Roseman University of Health Science's program offers remediation options to students who might struggle with the fast-paced learning, giving them extra attention if needed. Students can also opt to join the traditional program if they want or need to take it slower.

Roseman's traditional nursing program requires about 18 months and includes lots of classroom instruction, but so far, it boasts a nearly 100 percent pass rate for the national licensing exams required to become a nurse in the United States and Canada.

Watson said job placement rates for Roseman's graduates also surpass national averages, with about 65 percent working in nursing six months after graduation.

"I don't think we're flooding Utah with too many nurses," she said, adding that many students come from other states. "There's enough people who require services."

A number of factors, including a lack of nursing faculty, prevents schools all over the country from turning out enough nurses. While the profession saw an uptick following the recent recession, those nurses are again leaving the field, Watson said.

A demand for nurses continues to rise in Utah, with an estimated 31 percent increase in the state projected until 2022, according to the Bureau of Labor Statistics.

Prospective nursing students in Utah have a number of options to choose from, including various levels of attainment, from practical nursing programs at applied technology colleges throughout the state, to baccalaureate education from eight different public and private colleges and universities.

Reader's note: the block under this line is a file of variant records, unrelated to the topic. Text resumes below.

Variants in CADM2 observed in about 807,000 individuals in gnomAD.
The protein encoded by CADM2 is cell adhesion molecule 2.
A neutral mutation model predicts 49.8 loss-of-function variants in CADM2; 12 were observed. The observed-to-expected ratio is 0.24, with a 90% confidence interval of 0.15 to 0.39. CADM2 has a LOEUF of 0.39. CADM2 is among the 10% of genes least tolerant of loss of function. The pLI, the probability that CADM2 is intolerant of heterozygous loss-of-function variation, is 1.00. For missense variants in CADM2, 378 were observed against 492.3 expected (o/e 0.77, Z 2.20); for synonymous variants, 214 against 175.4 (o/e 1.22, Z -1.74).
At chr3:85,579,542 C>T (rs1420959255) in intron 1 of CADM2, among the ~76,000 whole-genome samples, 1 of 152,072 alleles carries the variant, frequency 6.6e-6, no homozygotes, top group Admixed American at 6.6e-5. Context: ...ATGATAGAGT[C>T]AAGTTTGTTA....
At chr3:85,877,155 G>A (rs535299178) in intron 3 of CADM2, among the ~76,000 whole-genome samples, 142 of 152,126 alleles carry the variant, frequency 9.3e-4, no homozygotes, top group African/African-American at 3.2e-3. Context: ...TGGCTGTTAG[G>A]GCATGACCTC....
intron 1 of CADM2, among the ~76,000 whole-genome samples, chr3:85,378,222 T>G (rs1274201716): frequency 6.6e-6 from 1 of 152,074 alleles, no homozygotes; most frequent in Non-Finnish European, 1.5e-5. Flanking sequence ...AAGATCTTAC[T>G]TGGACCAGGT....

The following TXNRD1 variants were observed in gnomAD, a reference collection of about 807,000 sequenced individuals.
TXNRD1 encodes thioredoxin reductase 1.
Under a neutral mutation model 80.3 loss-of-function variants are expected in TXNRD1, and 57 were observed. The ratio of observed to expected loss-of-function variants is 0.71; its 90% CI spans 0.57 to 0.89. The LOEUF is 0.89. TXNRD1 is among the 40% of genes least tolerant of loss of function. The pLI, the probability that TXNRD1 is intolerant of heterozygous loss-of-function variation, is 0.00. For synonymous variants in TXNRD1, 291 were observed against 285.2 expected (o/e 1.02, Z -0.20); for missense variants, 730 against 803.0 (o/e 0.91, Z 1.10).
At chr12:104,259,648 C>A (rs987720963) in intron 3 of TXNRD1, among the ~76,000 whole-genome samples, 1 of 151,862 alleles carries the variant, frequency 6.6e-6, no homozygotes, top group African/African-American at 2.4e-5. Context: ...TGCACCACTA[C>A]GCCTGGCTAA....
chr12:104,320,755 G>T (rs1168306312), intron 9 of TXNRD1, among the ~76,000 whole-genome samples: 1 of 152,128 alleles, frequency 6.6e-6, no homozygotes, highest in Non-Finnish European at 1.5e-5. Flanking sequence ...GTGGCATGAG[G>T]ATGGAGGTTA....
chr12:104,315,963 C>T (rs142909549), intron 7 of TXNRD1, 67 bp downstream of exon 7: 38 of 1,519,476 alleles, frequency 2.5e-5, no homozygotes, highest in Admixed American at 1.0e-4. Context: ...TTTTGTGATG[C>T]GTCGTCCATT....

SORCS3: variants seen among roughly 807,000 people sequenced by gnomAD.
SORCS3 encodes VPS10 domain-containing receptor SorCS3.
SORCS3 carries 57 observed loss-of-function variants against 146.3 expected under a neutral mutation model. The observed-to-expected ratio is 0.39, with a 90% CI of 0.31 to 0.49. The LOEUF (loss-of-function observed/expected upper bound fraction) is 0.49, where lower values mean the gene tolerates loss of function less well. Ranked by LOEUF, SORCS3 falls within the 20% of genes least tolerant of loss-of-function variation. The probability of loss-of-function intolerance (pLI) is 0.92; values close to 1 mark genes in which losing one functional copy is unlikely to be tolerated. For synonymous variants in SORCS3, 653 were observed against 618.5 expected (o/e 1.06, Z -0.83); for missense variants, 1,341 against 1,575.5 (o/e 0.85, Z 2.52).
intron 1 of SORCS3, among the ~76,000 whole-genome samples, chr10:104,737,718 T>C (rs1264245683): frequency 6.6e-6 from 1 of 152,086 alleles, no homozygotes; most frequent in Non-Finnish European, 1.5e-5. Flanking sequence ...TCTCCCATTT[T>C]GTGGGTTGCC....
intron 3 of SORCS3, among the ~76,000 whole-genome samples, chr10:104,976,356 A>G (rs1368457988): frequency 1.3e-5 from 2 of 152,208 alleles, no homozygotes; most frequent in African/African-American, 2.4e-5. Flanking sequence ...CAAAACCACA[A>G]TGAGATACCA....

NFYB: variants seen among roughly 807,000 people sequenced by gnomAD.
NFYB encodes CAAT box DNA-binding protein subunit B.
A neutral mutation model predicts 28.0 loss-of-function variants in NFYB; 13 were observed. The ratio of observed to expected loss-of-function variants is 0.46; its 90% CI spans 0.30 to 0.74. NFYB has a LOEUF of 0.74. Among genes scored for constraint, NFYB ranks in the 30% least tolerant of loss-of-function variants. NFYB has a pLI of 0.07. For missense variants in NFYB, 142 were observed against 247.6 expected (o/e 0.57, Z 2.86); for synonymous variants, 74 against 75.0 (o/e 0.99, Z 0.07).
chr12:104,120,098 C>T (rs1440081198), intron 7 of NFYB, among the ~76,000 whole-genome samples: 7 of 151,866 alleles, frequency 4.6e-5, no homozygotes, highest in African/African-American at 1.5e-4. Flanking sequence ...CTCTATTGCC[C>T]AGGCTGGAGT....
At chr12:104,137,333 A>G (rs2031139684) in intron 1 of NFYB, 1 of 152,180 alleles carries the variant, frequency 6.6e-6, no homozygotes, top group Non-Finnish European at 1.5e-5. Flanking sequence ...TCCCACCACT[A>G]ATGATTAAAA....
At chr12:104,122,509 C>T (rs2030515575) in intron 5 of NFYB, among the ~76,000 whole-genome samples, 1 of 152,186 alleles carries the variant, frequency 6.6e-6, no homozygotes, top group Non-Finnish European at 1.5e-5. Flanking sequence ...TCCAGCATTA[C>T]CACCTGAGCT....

And Roseman, a nonprofit, accredited private university operating in Utah since 2009, isn't the only local institution to offer an accelerated program. But being a private school, students can expect to pay a premium for their education.

Stubbs said the $60,000 price tag at Roseman is a lot to take on, especially for his small family just starting out. But he anticipates getting into his career much more quickly with the accelerated program, and he plans to focus almost all of his time on studying and getting good grades.

"If I'm going to pay this much for a program, I'm going to do my best to do really well in the program," he said. "Bring it on."

Another reason Stubbs selected Roseman is that the institution promises graduates a straight-A report card, ensuring competency along the way. It has also installed high-fidelity mannequins to help with simulation training, which Watson said is comparable to training in clinical settings.

"I'm going to work hard no matter what I do, I might as well do what I love," he said.

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Unlike other nursing programs, previous experience in health care or an existing bachelor's degree is not required for acceptance at Roseman, as long as certain prerequisites and credit hour requirements are met. The application process includes in-person interviews and enrollment begins with on-campus orientation, though the accelerated students do most of their studies at home.

But all students, Watson said, must come ready and willing to serve others.

"It's hard to teach compassion and caring if that's not an integral value that comes naturally," she said. "Nursing is not just emptying bed pans any more. I tell students that I expect they'll be doing things that haven't even been thought of yet."

For more information, visit acceleratednursing.roseman.edu.

Email: wleonard@deseretnews.com, Twitter: wendyleonards